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Image: Orizont rollout
ARCA Space
ARCA displays its Orizont launch vehicle at an August rollout ceremony in Bucharest's Constitution Square. The Romanian venture has announced plans for another launch vehicle called the Stabilo.
By Alan Boyle Science editor
msnbc.com
updated 11/11/2005 9:56:17 PM ET 2005-11-12T02:56:17

A fledgling aerospace company in Romania, spawned by the $10 million X Prize competition for private spaceflight, says it has won a government contract in its home country and also has forged a partnership with a Canadian-American rocket venture.

Friday's announcements serve to raise the profile of the Aeronautics and Cosmonautics Romanian Association, or ARCA, which successfully fired off a demonstrator rocket more than a year ago but fell far short of winning the X Prize.

ARCA's new partner is PlanetSpace, which is developing the Canadian Arrow suborbital rocket with support from Indian-American backer Chirinjeev Kathuria.

"By joining forces with one of the leaders in private space exploration, we are certain that we will succeed in creating a reliable and efficient technology, as well as other exciting spaceflight projects," ARCA President Dumitru Popescu said in an announcement released by PlanetSpace.

In a telephone interview, Kathuria told MSNBC.com that the partnership was "something we've been working on for a year."

Kathuria, a former backer of MirCorp who now serves as PlanetSpace's chairman, said his company would collaborate with ARCA on spacecraft technology and a joint suborbital space project. Further details, including technical specifications and the project timeline, would be announced early next year, he said.

Although Kathuria declined to provide specifics, he said the Romanian connection would be important to the company's future plans. "This partnership is going to allow us to do some very interesting things," he said.

Geoff Sheerin, who headed the Canadian Arrow team during the X Prize competition and is now PlanetSpace's president, said the cooperative venture would obey technology export regulations set by Canada's Controlled Goods Directorate. The restrictions are similar to those in force in the United States, he said.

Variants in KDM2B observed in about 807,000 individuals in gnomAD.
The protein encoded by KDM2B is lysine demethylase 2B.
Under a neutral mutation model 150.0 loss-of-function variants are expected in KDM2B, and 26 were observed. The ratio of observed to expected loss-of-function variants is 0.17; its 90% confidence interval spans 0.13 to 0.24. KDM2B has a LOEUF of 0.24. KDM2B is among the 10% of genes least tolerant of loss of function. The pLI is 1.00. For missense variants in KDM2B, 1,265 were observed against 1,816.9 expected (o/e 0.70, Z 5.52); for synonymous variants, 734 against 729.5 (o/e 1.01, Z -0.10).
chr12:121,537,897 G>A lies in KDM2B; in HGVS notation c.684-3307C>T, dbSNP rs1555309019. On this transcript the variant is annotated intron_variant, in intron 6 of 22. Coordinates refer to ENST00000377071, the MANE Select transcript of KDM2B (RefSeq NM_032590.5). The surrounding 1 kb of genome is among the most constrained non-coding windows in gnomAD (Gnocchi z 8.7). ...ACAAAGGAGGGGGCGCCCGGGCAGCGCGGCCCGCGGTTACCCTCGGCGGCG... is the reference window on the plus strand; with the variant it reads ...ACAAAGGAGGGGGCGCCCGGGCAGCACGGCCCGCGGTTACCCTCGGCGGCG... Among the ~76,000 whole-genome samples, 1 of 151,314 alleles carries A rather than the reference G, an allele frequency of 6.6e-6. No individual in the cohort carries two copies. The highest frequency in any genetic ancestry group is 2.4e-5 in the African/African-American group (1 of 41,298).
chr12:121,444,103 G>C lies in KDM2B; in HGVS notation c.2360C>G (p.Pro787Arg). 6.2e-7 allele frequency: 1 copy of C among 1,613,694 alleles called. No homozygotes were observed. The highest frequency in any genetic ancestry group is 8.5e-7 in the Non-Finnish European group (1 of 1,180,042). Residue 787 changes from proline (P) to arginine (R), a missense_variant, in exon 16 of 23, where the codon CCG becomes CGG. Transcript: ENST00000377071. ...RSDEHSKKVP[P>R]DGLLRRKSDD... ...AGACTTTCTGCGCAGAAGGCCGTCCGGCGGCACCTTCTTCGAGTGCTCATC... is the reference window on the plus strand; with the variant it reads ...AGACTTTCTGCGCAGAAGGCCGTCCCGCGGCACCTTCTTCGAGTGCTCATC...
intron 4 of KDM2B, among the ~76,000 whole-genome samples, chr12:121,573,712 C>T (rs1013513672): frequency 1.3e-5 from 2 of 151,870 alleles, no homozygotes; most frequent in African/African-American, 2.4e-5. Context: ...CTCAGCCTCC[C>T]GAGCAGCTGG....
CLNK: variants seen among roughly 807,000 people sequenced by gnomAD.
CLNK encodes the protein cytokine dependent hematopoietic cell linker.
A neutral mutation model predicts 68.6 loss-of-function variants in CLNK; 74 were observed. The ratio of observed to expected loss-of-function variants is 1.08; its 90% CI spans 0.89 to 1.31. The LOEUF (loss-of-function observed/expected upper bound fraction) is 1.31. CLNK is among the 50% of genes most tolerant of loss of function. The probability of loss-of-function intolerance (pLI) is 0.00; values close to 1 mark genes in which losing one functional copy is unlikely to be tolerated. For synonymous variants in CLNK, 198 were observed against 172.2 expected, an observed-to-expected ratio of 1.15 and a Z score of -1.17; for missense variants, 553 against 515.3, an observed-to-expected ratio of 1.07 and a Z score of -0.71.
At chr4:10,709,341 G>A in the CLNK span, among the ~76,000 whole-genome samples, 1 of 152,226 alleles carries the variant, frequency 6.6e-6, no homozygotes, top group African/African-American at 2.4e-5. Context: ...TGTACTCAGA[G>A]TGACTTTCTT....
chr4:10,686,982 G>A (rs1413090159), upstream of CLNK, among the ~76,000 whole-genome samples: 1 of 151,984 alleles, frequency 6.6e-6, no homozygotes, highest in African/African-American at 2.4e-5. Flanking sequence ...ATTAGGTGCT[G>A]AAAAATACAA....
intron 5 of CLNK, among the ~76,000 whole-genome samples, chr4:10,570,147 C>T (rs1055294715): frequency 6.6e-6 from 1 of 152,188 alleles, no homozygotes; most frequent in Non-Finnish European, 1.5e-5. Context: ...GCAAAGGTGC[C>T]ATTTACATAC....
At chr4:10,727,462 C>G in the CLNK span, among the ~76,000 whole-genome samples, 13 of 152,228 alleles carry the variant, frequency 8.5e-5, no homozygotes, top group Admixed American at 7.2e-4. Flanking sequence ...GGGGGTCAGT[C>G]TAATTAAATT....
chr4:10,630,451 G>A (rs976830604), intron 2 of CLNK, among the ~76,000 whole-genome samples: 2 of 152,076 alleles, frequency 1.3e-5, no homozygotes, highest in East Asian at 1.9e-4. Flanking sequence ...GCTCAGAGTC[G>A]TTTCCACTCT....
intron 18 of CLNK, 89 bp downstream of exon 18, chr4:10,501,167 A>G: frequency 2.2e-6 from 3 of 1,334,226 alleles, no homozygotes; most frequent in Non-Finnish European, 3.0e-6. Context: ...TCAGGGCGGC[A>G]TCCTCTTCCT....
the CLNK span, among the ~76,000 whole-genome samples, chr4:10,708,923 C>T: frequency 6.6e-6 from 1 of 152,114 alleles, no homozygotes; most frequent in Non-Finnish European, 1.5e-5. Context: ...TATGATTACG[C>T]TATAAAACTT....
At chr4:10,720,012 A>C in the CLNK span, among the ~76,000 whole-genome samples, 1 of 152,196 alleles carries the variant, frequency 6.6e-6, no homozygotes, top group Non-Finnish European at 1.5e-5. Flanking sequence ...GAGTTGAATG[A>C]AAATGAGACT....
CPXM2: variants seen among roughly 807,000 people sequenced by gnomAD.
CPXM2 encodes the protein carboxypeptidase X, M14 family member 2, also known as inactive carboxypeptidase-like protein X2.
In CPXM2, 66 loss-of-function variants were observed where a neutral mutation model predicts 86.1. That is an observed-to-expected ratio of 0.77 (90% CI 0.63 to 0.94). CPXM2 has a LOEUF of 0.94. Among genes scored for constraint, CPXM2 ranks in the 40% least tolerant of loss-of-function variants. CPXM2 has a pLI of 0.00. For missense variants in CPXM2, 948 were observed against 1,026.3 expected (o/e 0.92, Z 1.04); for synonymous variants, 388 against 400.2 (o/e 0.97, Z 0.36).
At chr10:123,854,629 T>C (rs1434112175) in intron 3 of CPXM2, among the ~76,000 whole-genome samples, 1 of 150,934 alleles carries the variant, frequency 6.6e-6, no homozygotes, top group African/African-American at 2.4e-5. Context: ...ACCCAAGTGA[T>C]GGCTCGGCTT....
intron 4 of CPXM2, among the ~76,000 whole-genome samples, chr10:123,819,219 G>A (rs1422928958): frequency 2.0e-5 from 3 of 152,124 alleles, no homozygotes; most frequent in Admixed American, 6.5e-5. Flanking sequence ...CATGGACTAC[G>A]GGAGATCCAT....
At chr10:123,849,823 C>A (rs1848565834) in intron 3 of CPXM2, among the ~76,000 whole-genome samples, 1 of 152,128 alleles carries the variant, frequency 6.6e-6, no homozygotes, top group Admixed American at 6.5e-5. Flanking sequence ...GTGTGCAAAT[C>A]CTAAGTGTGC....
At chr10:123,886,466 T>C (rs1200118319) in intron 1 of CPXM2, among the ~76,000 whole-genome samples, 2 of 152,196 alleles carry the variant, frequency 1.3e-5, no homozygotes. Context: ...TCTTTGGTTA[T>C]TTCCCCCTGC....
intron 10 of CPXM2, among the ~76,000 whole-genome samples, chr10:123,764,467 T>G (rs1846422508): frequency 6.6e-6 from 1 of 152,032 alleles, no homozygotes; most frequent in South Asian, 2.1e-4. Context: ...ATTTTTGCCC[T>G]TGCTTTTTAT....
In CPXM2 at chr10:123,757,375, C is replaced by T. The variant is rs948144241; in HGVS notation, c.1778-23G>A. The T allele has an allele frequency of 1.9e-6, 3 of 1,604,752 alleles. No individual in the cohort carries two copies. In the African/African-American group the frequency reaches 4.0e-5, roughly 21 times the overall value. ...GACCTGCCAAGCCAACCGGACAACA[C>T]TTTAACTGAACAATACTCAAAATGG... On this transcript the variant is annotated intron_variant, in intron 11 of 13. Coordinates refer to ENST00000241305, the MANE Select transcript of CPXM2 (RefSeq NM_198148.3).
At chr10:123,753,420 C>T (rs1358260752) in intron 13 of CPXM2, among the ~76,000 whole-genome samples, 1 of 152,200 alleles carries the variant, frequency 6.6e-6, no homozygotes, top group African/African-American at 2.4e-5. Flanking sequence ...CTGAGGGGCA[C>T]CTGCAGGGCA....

Sheerin didn't expect the regulations to be much of a problem for the Canadian Arrow because it is based on 60-year-old V-2 rocket technology. "Our V-2 technology is not a controlled good," he told MSNBC.com.

PlanetSpace's test schedule
So far, PlanetSpace has focused on the preparations for testing the Canadian Arrow's escape tower system at a Canadian military test range on the shore of Ontario's Georgian Bay.

Sheerin said those tests would be delayed because he has decided to use solid rocket propellants as well as a hybrid propulsion system for the escape tower system. That would require a more extensive environmental assessment, he said.

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"It will delay the launch schedule" for the tower test, Sheerin said. "I don't know how much yet."

He said the delay wouldn't necessarily have an impact on the overall timetable for offering passenger rides to the edge of space by mid-2007. The tower test is "decoupled" from other rocket development tasks, he said.

ARCA's new projects
ARCA, meanwhile, said in the PlanetSpace announcement that it has won a 12-month contract from the Research Ministry and Romanian Space Agency to develop a rocket system with military applications.

"The system is called STRACAAT, and it will be used to simulate an airborne target at high speeds [and] low altitudes, such [as] attack airplanes or helicopters," ARCA said.

The Romanian Space Agency's description of the project said the system would provide practice in "combating terrorist or classical aerial threats."

ARCA also said it was developing a new low-cost suborbital launch vehicle called Stabilo. Rocket engine tests were scheduled for March, with the first unmanned test launch to suborbital space altitudes — that is, in excess of 62 miles, or 100 kilometers — planned within 12 months.

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